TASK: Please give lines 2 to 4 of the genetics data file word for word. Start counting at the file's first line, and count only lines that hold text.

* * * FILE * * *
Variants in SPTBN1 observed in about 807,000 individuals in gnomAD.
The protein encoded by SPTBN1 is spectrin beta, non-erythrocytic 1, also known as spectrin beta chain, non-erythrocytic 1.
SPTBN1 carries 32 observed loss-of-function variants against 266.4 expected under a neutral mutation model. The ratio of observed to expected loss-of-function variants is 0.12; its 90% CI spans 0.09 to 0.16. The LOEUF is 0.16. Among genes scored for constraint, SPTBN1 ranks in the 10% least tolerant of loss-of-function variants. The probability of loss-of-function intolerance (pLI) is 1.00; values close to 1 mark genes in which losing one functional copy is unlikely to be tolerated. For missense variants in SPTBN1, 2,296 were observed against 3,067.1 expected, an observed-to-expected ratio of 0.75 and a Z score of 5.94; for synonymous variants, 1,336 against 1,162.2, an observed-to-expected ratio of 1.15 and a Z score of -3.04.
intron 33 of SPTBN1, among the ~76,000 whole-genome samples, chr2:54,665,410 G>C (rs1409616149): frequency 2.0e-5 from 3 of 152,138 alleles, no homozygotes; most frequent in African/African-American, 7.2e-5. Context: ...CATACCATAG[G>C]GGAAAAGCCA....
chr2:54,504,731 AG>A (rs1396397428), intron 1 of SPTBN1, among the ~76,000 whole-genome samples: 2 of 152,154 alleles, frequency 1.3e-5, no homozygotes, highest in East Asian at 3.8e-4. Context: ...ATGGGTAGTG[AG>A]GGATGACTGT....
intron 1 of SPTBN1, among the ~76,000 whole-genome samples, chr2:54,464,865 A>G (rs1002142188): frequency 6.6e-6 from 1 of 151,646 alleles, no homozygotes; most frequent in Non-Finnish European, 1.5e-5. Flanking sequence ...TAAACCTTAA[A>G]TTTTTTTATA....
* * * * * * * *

The protein encoded by SPTBN1 is spectrin beta, non-erythrocytic 1, also known as spectrin beta chain, non-erythrocytic 1.
SPTBN1 carries 32 observed loss-of-function variants against 266.4 expected under a neutral mutation model. The ratio of observed to expected loss-of-function variants is 0.12; its 90% CI spans 0.09 to 0.16. The LOEUF is 0.16. Among genes scored for constraint, SPTBN1 ranks in the 10% least tolerant of loss-of-function variants. The probability of loss-of-function intolerance (pLI) is 1.00; values close to 1 mark genes in which losing one functional copy is unlikely to be tolerated. For missense variants in SPTBN1, 2,296 were observed against 3,067.1 expected, an observed-to-expected ratio of 0.75 and a Z score of 5.94; for synonymous variants, 1,336 against 1,162.2, an observed-to-expected ratio of 1.15 and a Z score of -3.04.
intron 33 of SPTBN1, among the ~76,000 whole-genome samples, chr2:54,665,410 G>C (rs1409616149): frequency 2.0e-5 from 3 of 152,138 alleles, no homozygotes; most frequent in African/African-American, 7.2e-5. Context: ...CATACCATAG[G>C]GGAAAAGCCA....